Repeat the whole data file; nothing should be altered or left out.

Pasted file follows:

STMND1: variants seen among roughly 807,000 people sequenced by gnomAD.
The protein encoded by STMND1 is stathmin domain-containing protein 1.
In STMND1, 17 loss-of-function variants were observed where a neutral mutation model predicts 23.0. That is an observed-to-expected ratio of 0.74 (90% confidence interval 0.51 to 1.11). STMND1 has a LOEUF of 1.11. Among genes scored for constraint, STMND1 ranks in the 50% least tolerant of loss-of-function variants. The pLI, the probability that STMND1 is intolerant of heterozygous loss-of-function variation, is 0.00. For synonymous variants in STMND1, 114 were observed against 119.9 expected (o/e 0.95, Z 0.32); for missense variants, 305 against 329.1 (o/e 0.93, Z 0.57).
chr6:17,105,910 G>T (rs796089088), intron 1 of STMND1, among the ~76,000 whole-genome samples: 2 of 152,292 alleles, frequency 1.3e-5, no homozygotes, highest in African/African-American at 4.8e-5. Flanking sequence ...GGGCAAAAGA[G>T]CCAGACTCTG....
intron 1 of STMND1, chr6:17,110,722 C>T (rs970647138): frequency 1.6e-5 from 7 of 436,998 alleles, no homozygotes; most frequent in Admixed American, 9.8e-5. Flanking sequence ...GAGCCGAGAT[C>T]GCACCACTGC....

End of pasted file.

STMND1: variants seen among roughly 807,000 people sequenced by gnomAD.
The protein encoded by STMND1 is stathmin domain-containing protein 1.
In STMND1, 17 loss-of-function variants were observed where a neutral mutation model predicts 23.0. That is an observed-to-expected ratio of 0.74 (90% confidence interval 0.51 to 1.11). STMND1 has a LOEUF of 1.11. Among genes scored for constraint, STMND1 ranks in the 50% least tolerant of loss-of-function variants. The pLI, the probability that STMND1 is intolerant of heterozygous loss-of-function variation, is 0.00. For synonymous variants in STMND1, 114 were observed against 119.9 expected (o/e 0.95, Z 0.32); for missense variants, 305 against 329.1 (o/e 0.93, Z 0.57).
chr6:17,105,910 G>T (rs796089088), intron 1 of STMND1, among the ~76,000 whole-genome samples: 2 of 152,292 alleles, frequency 1.3e-5, no homozygotes, highest in African/African-American at 4.8e-5. Flanking sequence ...GGGCAAAAGA[G>T]CCAGACTCTG....
intron 1 of STMND1, chr6:17,110,722 C>T (rs970647138): frequency 1.6e-5 from 7 of 436,998 alleles, no homozygotes; most frequent in Admixed American, 9.8e-5. Flanking sequence ...GAGCCGAGAT[C>T]GCACCACTGC....